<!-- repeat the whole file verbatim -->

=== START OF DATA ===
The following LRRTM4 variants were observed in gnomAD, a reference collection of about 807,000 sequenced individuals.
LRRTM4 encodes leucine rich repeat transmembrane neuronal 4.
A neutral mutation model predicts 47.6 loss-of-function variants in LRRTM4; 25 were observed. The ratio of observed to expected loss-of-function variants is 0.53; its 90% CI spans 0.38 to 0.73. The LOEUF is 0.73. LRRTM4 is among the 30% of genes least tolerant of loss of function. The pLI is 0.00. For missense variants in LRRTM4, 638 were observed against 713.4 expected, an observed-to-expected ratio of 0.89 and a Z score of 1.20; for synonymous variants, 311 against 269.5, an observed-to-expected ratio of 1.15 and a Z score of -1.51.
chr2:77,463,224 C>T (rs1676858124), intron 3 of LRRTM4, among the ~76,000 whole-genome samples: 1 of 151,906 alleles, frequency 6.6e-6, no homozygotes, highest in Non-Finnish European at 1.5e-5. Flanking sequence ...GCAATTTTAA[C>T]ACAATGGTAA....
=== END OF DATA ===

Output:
The following LRRTM4 variants were observed in gnomAD, a reference collection of about 807,000 sequenced individuals.
LRRTM4 encodes leucine rich repeat transmembrane neuronal 4.
A neutral mutation model predicts 47.6 loss-of-function variants in LRRTM4; 25 were observed. The ratio of observed to expected loss-of-function variants is 0.53; its 90% CI spans 0.38 to 0.73. The LOEUF is 0.73. LRRTM4 is among the 30% of genes least tolerant of loss of function. The pLI is 0.00. For missense variants in LRRTM4, 638 were observed against 713.4 expected, an observed-to-expected ratio of 0.89 and a Z score of 1.20; for synonymous variants, 311 against 269.5, an observed-to-expected ratio of 1.15 and a Z score of -1.51.
chr2:77,463,224 C>T (rs1676858124), intron 3 of LRRTM4, among the ~76,000 whole-genome samples: 1 of 151,906 alleles, frequency 6.6e-6, no homozygotes, highest in Non-Finnish European at 1.5e-5. Flanking sequence ...GCAATTTTAA[C>T]ACAATGGTAA....